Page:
Posts: 11,051

Sep 26, 2010 -- 10:08AM, Ebon wrote:


The IRS should be ready to start taxing some churches then. It's pay to play, kids. If you want to talk politics, hand over the cash, no representation without taxation.




Not fully true for a 501c3. I work for one and we are allowed to talk politics and issues. What we're not allowed to do is tell our members who to vote for, but we can encourage them to vote on certain issues (for us, anything that affects Community Health Centers).

"No matter how dark the moment, love and hope are always possible." George Chakiris

“For those who believe, no proof is necessary. For those who don't believe, no proof is possible.” Stuart Chase
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4 years ago  ::  Sep 27, 2010 - 2:25PM #25
Do_unto_others
Posts: 8,399

This IS the Alliance 'Defense' (ahem) Fund we're talking about. At least they're discussing political candidates instead of God's gay and lesbian children (for a change).

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4 years ago  ::  Sep 27, 2010 - 7:04PM #26
Weepingangelofthetrees
Posts: 2,053

Sep 27, 2010 -- 11:50AM, teilhard wrote:


Even The IRS Tax Codes are under the Supervision of Congress and Courts ...








I am well aware of that. However, that wasn't the topic of my reply, to someone who invoked the 1st amendment and the USSC.


"Remember, Jesus would rather constantly shame gays than let orphans have a family."
Stephen Colbert
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4 years ago  ::  Oct 04, 2010 - 2:25AM #27
rangerken
Posts: 16,407

This thread was moved from the Hot Topics Zone

Libertarian, Conservative, Life member of the NRA and VFW
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4 years ago  ::  Oct 04, 2010 - 12:45PM #28
TPaine
Posts: 9,235

Perhaps a look at what the IRS Code says on the matter may help the discussion.


The Restriction of Political Campaign Intervention by Section 501(c)(3) Tax-Exempt Organizations
 
Under the Internal Revenue Code, all section 501(c)(3) organizations are absolutely prohibited from directly or indirectly participating in, or intervening in, any political campaign on behalf of (or in opposition to) any candidate for elective public office. Contributions to political campaign funds or public statements of position (verbal or written) made on behalf of the organization in favor of or in opposition to any candidate for public office clearly violate the prohibition against political campaign activity.  Violating this prohibition may result in denial or revocation of tax-exempt status and the imposition of certain excise taxes.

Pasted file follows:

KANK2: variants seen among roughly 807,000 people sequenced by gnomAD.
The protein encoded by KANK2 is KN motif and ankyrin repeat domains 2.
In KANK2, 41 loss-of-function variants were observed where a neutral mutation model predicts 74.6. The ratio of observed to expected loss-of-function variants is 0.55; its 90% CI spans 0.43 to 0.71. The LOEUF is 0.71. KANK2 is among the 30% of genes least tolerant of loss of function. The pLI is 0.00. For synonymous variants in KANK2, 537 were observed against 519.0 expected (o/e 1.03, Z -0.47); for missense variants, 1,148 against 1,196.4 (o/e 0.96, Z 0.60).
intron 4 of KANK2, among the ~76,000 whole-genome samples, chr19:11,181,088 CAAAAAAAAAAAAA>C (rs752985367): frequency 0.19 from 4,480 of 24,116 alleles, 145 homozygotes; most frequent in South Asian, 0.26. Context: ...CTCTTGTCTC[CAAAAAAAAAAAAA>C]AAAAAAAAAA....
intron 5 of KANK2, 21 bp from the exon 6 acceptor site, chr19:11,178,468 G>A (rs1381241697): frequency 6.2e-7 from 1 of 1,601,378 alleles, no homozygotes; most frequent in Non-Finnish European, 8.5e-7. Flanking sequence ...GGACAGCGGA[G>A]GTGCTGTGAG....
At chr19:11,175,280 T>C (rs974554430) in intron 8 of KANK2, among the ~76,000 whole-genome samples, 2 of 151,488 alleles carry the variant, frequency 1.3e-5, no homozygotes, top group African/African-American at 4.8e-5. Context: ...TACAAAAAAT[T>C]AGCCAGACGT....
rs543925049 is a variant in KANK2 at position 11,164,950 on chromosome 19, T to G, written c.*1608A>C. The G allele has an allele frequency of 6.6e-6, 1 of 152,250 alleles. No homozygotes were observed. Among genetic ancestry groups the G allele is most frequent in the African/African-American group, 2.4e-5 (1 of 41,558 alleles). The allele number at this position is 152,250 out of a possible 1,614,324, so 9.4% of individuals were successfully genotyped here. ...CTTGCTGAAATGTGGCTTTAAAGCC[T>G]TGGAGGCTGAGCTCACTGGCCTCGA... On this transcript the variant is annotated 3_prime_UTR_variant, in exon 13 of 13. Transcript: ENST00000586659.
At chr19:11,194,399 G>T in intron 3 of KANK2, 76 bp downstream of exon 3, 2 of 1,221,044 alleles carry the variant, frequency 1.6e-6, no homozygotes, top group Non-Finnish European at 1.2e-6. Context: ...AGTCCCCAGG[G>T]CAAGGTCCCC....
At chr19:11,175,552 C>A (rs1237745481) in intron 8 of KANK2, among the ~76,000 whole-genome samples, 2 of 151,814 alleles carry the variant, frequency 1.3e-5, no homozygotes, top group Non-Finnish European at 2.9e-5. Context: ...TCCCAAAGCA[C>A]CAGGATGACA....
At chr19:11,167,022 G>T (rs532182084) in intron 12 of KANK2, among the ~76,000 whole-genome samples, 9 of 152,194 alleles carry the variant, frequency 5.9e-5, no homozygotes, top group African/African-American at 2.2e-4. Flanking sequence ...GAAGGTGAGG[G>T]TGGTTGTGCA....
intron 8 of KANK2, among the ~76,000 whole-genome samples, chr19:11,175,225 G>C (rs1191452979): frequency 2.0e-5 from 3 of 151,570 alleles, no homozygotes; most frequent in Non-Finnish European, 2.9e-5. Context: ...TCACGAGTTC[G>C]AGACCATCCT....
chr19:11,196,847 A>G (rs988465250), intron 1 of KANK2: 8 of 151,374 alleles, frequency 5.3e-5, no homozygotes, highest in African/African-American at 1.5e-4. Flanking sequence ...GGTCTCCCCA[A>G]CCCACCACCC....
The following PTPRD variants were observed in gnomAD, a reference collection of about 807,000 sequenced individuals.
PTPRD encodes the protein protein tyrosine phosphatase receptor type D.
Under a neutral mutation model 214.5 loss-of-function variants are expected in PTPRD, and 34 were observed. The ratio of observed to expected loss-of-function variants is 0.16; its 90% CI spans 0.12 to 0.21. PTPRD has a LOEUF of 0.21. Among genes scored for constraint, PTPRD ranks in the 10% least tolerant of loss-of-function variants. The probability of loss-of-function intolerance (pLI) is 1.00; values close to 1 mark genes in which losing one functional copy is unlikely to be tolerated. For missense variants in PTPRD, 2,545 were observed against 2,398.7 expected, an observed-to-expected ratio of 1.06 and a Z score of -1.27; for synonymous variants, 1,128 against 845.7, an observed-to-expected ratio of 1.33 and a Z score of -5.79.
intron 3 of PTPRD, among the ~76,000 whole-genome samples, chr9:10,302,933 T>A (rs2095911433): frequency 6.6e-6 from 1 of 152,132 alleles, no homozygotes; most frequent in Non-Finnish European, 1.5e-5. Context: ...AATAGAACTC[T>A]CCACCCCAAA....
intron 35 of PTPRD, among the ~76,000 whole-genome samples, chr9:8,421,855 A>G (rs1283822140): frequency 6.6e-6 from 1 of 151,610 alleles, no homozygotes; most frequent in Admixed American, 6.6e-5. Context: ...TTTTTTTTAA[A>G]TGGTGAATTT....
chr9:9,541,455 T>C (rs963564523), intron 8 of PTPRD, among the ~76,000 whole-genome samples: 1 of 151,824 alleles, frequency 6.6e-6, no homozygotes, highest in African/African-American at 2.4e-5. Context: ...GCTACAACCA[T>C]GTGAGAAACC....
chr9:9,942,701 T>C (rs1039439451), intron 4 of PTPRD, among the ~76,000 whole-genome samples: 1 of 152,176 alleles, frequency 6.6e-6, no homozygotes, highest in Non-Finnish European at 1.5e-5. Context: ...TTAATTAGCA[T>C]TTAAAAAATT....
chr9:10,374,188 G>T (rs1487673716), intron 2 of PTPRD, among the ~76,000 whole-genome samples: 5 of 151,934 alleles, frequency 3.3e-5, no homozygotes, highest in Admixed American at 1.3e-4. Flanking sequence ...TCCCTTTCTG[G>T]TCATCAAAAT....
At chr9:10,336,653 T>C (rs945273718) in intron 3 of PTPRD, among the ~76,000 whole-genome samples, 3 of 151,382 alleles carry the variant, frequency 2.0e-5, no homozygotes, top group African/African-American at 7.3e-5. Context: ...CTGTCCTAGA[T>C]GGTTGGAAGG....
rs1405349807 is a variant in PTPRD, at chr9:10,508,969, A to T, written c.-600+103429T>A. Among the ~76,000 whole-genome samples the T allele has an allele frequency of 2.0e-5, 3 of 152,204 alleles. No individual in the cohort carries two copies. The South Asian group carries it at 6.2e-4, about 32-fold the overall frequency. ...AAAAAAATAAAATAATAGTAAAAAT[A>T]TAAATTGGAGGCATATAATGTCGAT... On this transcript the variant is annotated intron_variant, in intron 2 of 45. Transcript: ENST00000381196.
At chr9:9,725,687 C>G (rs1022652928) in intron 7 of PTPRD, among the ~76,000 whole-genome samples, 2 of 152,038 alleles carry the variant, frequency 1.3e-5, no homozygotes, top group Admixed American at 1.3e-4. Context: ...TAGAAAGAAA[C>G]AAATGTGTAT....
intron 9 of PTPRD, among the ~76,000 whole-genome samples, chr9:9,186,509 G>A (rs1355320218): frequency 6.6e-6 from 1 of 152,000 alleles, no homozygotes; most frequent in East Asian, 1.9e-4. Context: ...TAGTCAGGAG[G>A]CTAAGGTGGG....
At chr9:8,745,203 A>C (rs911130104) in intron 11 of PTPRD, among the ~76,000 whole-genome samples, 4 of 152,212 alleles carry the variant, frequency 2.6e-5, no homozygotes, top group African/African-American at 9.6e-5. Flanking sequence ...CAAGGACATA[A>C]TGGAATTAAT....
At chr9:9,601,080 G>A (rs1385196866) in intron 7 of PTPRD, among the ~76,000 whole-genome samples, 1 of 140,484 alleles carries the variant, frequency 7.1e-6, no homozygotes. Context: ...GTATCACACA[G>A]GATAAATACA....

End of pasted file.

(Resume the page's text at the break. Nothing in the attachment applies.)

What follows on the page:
Certain activities or expenditures may not be prohibited depending on the facts and circumstances.  For example, certain voter education activities (including presenting public forums and publishing voter education guides) conducted in a non-partisan manner do not constitute prohibited political campaign activity. In addition, other activities intended to encourage people to participate in the electoral process, such as voter registration and get-out-the-vote drives, would not be prohibited political campaign activity if conducted in a non-partisan manner.

On the other hand, voter education or registration activities with evidence of bias that (a) would favor one candidate over another; (b) oppose a candidate in some manner; or (c) have the effect of favoring a candidate or group of candidates, will constitute prohibited participation or intervention.

The Internal Revenue Service provides resources  to exempt organizations and the public to help them understand the prohibition.  As part of its examination program, the IRS also monitors whether organizations are complying with the prohibition.



    
www.irs.gov/charities/charitable/article...

"It is always to be taken for granted, that those who oppose an equality of rights never mean the exclusion should take place on themselves." -- Thomas Paine: Dissertations on First Principles of Government (July 7, 1795)